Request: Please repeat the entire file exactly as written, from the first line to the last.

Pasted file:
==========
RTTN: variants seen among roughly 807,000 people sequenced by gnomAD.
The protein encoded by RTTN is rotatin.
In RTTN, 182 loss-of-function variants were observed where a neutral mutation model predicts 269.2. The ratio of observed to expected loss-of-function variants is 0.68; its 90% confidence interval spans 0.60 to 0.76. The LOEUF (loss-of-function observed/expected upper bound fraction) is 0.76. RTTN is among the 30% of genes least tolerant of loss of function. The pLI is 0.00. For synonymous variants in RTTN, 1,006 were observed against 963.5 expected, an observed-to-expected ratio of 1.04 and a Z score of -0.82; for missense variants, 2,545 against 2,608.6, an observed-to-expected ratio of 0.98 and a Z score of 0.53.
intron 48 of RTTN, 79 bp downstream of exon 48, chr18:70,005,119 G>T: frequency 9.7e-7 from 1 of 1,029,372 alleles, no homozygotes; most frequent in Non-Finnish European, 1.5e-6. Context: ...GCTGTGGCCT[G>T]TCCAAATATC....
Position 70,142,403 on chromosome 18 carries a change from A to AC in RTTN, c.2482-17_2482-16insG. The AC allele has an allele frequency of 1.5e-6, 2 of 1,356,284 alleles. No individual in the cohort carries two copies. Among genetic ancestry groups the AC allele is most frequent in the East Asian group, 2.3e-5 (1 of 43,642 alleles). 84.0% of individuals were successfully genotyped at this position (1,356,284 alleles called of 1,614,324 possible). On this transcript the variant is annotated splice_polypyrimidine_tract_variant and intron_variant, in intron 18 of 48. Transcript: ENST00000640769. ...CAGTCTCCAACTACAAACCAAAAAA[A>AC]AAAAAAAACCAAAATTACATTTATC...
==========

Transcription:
RTTN: variants seen among roughly 807,000 people sequenced by gnomAD.
The protein encoded by RTTN is rotatin.
In RTTN, 182 loss-of-function variants were observed where a neutral mutation model predicts 269.2. The ratio of observed to expected loss-of-function variants is 0.68; its 90% confidence interval spans 0.60 to 0.76. The LOEUF (loss-of-function observed/expected upper bound fraction) is 0.76. RTTN is among the 30% of genes least tolerant of loss of function. The pLI is 0.00. For synonymous variants in RTTN, 1,006 were observed against 963.5 expected, an observed-to-expected ratio of 1.04 and a Z score of -0.82; for missense variants, 2,545 against 2,608.6, an observed-to-expected ratio of 0.98 and a Z score of 0.53.
intron 48 of RTTN, 79 bp downstream of exon 48, chr18:70,005,119 G>T: frequency 9.7e-7 from 1 of 1,029,372 alleles, no homozygotes; most frequent in Non-Finnish European, 1.5e-6. Context: ...GCTGTGGCCT[G>T]TCCAAATATC....
Position 70,142,403 on chromosome 18 carries a change from A to AC in RTTN, c.2482-17_2482-16insG. The AC allele has an allele frequency of 1.5e-6, 2 of 1,356,284 alleles. No individual in the cohort carries two copies. Among genetic ancestry groups the AC allele is most frequent in the East Asian group, 2.3e-5 (1 of 43,642 alleles). 84.0% of individuals were successfully genotyped at this position (1,356,284 alleles called of 1,614,324 possible). On this transcript the variant is annotated splice_polypyrimidine_tract_variant and intron_variant, in intron 18 of 48. Transcript: ENST00000640769. ...CAGTCTCCAACTACAAACCAAAAAA[A>AC]AAAAAAAACCAAAATTACATTTATC...